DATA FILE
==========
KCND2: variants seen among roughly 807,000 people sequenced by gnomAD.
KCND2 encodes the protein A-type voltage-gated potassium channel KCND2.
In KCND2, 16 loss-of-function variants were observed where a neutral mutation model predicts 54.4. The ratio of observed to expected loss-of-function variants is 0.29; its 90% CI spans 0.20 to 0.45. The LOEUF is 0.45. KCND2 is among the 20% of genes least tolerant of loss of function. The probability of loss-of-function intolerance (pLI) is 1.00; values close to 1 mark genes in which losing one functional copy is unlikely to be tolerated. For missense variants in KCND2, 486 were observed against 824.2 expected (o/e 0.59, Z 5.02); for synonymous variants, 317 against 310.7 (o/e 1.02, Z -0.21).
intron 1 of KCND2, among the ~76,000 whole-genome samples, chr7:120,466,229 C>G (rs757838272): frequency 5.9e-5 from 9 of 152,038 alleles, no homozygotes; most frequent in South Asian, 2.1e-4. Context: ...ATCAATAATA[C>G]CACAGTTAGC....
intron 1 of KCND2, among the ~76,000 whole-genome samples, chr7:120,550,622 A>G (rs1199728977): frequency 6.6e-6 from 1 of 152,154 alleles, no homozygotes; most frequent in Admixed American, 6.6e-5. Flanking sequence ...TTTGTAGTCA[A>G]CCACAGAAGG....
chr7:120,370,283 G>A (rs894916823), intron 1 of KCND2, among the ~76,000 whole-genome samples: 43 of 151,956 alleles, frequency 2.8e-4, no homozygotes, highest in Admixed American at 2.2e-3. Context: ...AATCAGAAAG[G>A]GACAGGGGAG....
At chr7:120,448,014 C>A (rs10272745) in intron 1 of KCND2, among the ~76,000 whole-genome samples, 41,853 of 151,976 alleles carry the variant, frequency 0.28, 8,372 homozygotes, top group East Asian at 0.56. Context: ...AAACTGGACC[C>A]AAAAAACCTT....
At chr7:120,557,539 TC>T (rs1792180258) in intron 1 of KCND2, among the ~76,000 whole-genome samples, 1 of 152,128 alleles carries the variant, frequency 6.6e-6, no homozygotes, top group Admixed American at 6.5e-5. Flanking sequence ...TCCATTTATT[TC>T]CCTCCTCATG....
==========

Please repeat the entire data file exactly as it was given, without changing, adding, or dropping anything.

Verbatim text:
KCND2: variants seen among roughly 807,000 people sequenced by gnomAD.
KCND2 encodes the protein A-type voltage-gated potassium channel KCND2.
In KCND2, 16 loss-of-function variants were observed where a neutral mutation model predicts 54.4. The ratio of observed to expected loss-of-function variants is 0.29; its 90% CI spans 0.20 to 0.45. The LOEUF is 0.45. KCND2 is among the 20% of genes least tolerant of loss of function. The probability of loss-of-function intolerance (pLI) is 1.00; values close to 1 mark genes in which losing one functional copy is unlikely to be tolerated. For missense variants in KCND2, 486 were observed against 824.2 expected (o/e 0.59, Z 5.02); for synonymous variants, 317 against 310.7 (o/e 1.02, Z -0.21).
intron 1 of KCND2, among the ~76,000 whole-genome samples, chr7:120,466,229 C>G (rs757838272): frequency 5.9e-5 from 9 of 152,038 alleles, no homozygotes; most frequent in South Asian, 2.1e-4. Context: ...ATCAATAATA[C>G]CACAGTTAGC....
intron 1 of KCND2, among the ~76,000 whole-genome samples, chr7:120,550,622 A>G (rs1199728977): frequency 6.6e-6 from 1 of 152,154 alleles, no homozygotes; most frequent in Admixed American, 6.6e-5. Flanking sequence ...TTTGTAGTCA[A>G]CCACAGAAGG....
chr7:120,370,283 G>A (rs894916823), intron 1 of KCND2, among the ~76,000 whole-genome samples: 43 of 151,956 alleles, frequency 2.8e-4, no homozygotes, highest in Admixed American at 2.2e-3. Context: ...AATCAGAAAG[G>A]GACAGGGGAG....
At chr7:120,448,014 C>A (rs10272745) in intron 1 of KCND2, among the ~76,000 whole-genome samples, 41,853 of 151,976 alleles carry the variant, frequency 0.28, 8,372 homozygotes, top group East Asian at 0.56. Context: ...AAACTGGACC[C>A]AAAAAACCTT....
At chr7:120,557,539 TC>T (rs1792180258) in intron 1 of KCND2, among the ~76,000 whole-genome samples, 1 of 152,128 alleles carries the variant, frequency 6.6e-6, no homozygotes, top group Admixed American at 6.5e-5. Flanking sequence ...TCCATTTATT[TC>T]CCTCCTCATG....